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Gulf of Mexico Tidal Wetlands

A Photo Gallery of Florida's Big Bend Tidal Wetlands

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Ellen Raabe


Gulf of Mexico Bathymetric Map
location of Florida's Big Bend

  Limestone outcropping karst
Florida rests on a wide shallow limestone shelf that extends offshore in the Gulf of Mexico. The resulting gradient creates a low energy system unusual in open coastal environments. This low gradient supports the development of extensive tidal marshes along Florida's Big Bend.

The carbonate limestone shelf weathers unevenly leaving a pockmarked surface called "karst." Areas of exposed karstified limestone are found throughout the marsh of Florida’s Big Bend coast. Marsh sediments fill the pockets of exposed limestone, providing a foothold for colonization by salt-tolerant species such as pickleweed and glassworts.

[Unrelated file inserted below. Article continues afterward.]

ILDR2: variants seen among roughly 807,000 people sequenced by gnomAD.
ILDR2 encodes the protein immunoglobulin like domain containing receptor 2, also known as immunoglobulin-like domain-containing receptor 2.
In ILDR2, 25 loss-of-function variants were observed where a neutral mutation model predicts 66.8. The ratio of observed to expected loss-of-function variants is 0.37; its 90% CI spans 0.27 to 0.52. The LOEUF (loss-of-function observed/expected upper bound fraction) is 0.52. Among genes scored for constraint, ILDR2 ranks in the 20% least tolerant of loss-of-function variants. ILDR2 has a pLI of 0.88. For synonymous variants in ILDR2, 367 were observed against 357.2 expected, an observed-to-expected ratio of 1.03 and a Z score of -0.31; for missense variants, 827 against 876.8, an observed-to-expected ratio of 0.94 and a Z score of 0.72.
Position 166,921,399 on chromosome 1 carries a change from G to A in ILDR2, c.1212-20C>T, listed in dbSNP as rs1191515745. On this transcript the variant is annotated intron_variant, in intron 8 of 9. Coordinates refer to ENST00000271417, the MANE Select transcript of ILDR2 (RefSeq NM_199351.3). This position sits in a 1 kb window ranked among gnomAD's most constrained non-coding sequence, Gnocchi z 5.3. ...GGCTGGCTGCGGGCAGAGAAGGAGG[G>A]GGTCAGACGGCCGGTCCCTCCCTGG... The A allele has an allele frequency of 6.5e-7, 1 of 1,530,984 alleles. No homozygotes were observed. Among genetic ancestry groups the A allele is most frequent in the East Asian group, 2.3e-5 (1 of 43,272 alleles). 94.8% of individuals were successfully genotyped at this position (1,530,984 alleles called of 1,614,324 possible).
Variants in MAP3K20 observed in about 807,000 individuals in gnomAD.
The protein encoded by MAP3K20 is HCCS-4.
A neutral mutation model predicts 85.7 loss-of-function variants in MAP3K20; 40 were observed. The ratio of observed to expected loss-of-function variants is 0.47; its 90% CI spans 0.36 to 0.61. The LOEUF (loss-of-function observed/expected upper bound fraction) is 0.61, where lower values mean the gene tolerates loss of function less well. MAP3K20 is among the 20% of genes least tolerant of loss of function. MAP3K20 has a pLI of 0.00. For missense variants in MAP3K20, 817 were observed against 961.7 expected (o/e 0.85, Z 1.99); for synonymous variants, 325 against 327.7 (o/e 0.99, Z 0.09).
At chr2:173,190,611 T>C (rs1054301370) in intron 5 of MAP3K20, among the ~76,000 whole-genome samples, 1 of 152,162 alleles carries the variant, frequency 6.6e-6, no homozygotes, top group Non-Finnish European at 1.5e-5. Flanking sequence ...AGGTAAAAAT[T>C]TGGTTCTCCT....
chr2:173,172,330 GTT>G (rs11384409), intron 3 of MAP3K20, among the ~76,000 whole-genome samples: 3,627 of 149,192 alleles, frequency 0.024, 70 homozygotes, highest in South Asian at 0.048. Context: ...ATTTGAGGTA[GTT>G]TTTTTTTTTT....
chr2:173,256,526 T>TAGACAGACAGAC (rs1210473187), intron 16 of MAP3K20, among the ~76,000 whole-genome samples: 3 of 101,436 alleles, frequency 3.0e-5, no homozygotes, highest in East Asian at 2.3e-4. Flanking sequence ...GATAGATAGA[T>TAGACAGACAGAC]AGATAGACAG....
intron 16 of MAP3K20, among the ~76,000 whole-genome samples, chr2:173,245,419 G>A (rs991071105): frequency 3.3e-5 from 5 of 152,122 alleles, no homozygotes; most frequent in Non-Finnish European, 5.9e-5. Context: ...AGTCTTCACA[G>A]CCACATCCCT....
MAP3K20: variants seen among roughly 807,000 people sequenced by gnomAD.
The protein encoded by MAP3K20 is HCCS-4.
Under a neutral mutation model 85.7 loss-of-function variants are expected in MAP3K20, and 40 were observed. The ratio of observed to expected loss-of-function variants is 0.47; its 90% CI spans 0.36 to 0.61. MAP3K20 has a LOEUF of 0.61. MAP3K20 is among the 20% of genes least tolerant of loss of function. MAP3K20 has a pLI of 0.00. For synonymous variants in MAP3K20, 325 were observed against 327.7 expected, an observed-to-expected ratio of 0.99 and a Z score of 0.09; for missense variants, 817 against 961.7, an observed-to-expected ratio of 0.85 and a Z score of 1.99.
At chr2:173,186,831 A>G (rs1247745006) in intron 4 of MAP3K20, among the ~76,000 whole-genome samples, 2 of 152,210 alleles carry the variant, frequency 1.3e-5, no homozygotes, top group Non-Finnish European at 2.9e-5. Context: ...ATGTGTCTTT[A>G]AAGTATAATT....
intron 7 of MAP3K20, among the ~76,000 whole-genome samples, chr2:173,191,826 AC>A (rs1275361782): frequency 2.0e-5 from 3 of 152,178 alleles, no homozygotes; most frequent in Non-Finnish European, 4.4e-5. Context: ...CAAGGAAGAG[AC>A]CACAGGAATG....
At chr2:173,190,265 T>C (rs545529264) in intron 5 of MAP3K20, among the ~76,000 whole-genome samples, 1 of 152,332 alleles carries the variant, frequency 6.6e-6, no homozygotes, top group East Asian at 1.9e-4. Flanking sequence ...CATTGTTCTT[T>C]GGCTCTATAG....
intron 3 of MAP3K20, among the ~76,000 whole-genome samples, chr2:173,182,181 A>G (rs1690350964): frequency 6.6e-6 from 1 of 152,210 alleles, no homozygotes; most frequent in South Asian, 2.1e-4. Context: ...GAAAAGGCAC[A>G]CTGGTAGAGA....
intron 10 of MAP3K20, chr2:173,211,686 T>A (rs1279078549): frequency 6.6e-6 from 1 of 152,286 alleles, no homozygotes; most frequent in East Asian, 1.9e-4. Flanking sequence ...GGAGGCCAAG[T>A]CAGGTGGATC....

Freshwater from the Floridan aquifer seeps through fractures and dissolution channels in the limestone. Sinkholes are created when underground karst features collapse.

fracture pattern in exposed limestone
Fractures in limestone
freshwater sinkhole in tidal marsh
Freshwater sinkhole pond

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Coastal and Marine Geology Program > St. Petersburg Coastal and Marine Science Center > Gulf of Mexico Tidal Wetlands > Photo Gallery > Geology

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Updated January 04, 2013 @ 10:28 AM (THF)